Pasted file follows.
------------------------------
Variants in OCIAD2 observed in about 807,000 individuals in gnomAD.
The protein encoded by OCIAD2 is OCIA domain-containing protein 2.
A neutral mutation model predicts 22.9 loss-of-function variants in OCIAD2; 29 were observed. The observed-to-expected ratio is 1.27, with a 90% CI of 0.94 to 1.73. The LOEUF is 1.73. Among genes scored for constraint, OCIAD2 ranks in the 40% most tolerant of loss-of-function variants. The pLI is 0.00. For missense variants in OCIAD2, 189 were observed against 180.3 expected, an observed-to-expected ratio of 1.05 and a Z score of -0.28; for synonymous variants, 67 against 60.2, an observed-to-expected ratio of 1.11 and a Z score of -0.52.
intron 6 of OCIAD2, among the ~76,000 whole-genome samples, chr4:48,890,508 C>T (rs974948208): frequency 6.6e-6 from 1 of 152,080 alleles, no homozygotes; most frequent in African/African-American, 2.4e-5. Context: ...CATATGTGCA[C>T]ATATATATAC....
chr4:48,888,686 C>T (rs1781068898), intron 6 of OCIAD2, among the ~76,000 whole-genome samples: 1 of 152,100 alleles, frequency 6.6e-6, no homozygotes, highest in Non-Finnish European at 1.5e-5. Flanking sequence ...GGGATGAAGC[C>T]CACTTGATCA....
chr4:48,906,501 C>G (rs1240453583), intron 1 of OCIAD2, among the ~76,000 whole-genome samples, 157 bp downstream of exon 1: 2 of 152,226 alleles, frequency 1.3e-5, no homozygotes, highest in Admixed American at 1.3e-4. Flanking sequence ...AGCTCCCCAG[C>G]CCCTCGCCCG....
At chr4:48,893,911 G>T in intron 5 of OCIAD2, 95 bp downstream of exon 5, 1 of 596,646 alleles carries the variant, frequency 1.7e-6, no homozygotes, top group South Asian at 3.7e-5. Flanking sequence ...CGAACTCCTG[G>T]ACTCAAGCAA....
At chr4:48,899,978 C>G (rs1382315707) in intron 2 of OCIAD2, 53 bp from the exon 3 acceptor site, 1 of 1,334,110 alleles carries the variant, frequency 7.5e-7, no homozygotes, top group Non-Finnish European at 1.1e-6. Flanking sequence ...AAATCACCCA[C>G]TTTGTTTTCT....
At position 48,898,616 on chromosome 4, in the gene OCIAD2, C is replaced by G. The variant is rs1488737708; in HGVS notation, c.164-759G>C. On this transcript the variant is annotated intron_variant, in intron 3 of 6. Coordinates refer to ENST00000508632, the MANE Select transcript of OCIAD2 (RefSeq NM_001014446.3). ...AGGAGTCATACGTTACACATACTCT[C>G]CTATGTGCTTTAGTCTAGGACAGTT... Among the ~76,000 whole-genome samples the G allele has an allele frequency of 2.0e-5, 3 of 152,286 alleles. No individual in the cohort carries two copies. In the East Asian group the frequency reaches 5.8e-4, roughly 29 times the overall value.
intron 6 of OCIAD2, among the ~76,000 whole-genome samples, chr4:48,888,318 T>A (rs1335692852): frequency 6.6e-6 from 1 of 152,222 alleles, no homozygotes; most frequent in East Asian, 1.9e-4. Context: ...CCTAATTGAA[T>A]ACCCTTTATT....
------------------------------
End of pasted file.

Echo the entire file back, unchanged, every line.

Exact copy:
Variants in OCIAD2 observed in about 807,000 individuals in gnomAD.
The protein encoded by OCIAD2 is OCIA domain-containing protein 2.
A neutral mutation model predicts 22.9 loss-of-function variants in OCIAD2; 29 were observed. The observed-to-expected ratio is 1.27, with a 90% CI of 0.94 to 1.73. The LOEUF is 1.73. Among genes scored for constraint, OCIAD2 ranks in the 40% most tolerant of loss-of-function variants. The pLI is 0.00. For missense variants in OCIAD2, 189 were observed against 180.3 expected, an observed-to-expected ratio of 1.05 and a Z score of -0.28; for synonymous variants, 67 against 60.2, an observed-to-expected ratio of 1.11 and a Z score of -0.52.
intron 6 of OCIAD2, among the ~76,000 whole-genome samples, chr4:48,890,508 C>T (rs974948208): frequency 6.6e-6 from 1 of 152,080 alleles, no homozygotes; most frequent in African/African-American, 2.4e-5. Context: ...CATATGTGCA[C>T]ATATATATAC....
chr4:48,888,686 C>T (rs1781068898), intron 6 of OCIAD2, among the ~76,000 whole-genome samples: 1 of 152,100 alleles, frequency 6.6e-6, no homozygotes, highest in Non-Finnish European at 1.5e-5. Flanking sequence ...GGGATGAAGC[C>T]CACTTGATCA....
chr4:48,906,501 C>G (rs1240453583), intron 1 of OCIAD2, among the ~76,000 whole-genome samples, 157 bp downstream of exon 1: 2 of 152,226 alleles, frequency 1.3e-5, no homozygotes, highest in Admixed American at 1.3e-4. Flanking sequence ...AGCTCCCCAG[C>G]CCCTCGCCCG....
At chr4:48,893,911 G>T in intron 5 of OCIAD2, 95 bp downstream of exon 5, 1 of 596,646 alleles carries the variant, frequency 1.7e-6, no homozygotes, top group South Asian at 3.7e-5. Flanking sequence ...CGAACTCCTG[G>T]ACTCAAGCAA....
At chr4:48,899,978 C>G (rs1382315707) in intron 2 of OCIAD2, 53 bp from the exon 3 acceptor site, 1 of 1,334,110 alleles carries the variant, frequency 7.5e-7, no homozygotes, top group Non-Finnish European at 1.1e-6. Flanking sequence ...AAATCACCCA[C>G]TTTGTTTTCT....
At position 48,898,616 on chromosome 4, in the gene OCIAD2, C is replaced by G. The variant is rs1488737708; in HGVS notation, c.164-759G>C. On this transcript the variant is annotated intron_variant, in intron 3 of 6. Coordinates refer to ENST00000508632, the MANE Select transcript of OCIAD2 (RefSeq NM_001014446.3). ...AGGAGTCATACGTTACACATACTCT[C>G]CTATGTGCTTTAGTCTAGGACAGTT... Among the ~76,000 whole-genome samples the G allele has an allele frequency of 2.0e-5, 3 of 152,286 alleles. No individual in the cohort carries two copies. In the East Asian group the frequency reaches 5.8e-4, roughly 29 times the overall value.
intron 6 of OCIAD2, among the ~76,000 whole-genome samples, chr4:48,888,318 T>A (rs1335692852): frequency 6.6e-6 from 1 of 152,222 alleles, no homozygotes; most frequent in East Asian, 1.9e-4. Context: ...CCTAATTGAA[T>A]ACCCTTTATT....